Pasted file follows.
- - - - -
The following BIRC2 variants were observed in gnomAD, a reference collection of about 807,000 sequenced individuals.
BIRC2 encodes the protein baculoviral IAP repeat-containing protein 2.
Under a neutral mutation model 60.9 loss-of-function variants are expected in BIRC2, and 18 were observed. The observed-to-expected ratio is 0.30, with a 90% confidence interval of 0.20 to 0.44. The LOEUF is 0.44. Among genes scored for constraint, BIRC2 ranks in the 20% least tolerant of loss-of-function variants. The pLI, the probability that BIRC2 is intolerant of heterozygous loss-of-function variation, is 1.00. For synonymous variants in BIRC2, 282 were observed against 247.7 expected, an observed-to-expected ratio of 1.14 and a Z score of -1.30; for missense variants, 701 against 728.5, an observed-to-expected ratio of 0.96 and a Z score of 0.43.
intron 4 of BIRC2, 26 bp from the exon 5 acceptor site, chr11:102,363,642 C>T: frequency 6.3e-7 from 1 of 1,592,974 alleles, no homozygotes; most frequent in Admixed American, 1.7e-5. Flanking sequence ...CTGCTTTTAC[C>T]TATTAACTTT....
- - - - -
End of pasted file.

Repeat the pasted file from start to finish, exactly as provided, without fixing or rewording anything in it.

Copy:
The following BIRC2 variants were observed in gnomAD, a reference collection of about 807,000 sequenced individuals.
BIRC2 encodes the protein baculoviral IAP repeat-containing protein 2.
Under a neutral mutation model 60.9 loss-of-function variants are expected in BIRC2, and 18 were observed. The observed-to-expected ratio is 0.30, with a 90% confidence interval of 0.20 to 0.44. The LOEUF is 0.44. Among genes scored for constraint, BIRC2 ranks in the 20% least tolerant of loss-of-function variants. The pLI, the probability that BIRC2 is intolerant of heterozygous loss-of-function variation, is 1.00. For synonymous variants in BIRC2, 282 were observed against 247.7 expected, an observed-to-expected ratio of 1.14 and a Z score of -1.30; for missense variants, 701 against 728.5, an observed-to-expected ratio of 0.96 and a Z score of 0.43.
intron 4 of BIRC2, 26 bp from the exon 5 acceptor site, chr11:102,363,642 C>T: frequency 6.3e-7 from 1 of 1,592,974 alleles, no homozygotes; most frequent in Admixed American, 1.7e-5. Flanking sequence ...CTGCTTTTAC[C>T]TATTAACTTT....